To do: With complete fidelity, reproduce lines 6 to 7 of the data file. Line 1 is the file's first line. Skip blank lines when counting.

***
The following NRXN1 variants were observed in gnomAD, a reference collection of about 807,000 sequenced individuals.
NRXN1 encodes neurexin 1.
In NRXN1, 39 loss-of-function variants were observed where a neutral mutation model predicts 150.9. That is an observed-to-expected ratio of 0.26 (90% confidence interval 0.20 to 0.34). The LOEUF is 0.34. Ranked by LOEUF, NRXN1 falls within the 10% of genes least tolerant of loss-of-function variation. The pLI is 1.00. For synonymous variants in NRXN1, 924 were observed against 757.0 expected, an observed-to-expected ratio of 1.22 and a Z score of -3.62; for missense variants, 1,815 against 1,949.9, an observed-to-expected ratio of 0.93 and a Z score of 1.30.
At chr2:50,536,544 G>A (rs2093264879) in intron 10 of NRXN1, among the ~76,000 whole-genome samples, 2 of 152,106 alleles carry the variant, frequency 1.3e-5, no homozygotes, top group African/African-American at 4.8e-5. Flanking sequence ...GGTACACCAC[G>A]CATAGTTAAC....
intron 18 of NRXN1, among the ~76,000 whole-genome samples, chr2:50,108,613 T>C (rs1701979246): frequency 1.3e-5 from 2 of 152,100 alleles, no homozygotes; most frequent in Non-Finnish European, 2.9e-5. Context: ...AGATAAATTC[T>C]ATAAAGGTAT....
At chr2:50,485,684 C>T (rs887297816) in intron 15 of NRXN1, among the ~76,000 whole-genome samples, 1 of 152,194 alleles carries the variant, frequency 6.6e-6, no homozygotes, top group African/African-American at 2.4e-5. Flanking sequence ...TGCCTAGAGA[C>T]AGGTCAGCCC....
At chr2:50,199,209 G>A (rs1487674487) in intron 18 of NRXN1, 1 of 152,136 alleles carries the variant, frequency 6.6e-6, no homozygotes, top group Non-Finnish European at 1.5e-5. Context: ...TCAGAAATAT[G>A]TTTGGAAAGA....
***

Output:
At chr2:50,485,684 C>T (rs887297816) in intron 15 of NRXN1, among the ~76,000 whole-genome samples, 1 of 152,194 alleles carries the variant, frequency 6.6e-6, no homozygotes, top group African/African-American at 2.4e-5. Flanking sequence ...TGCCTAGAGA[C>T]AGGTCAGCCC....
At chr2:50,199,209 G>A (rs1487674487) in intron 18 of NRXN1, 1 of 152,136 alleles carries the variant, frequency 6.6e-6, no homozygotes, top group Non-Finnish European at 1.5e-5. Context: ...TCAGAAATAT[G>A]TTTGGAAAGA....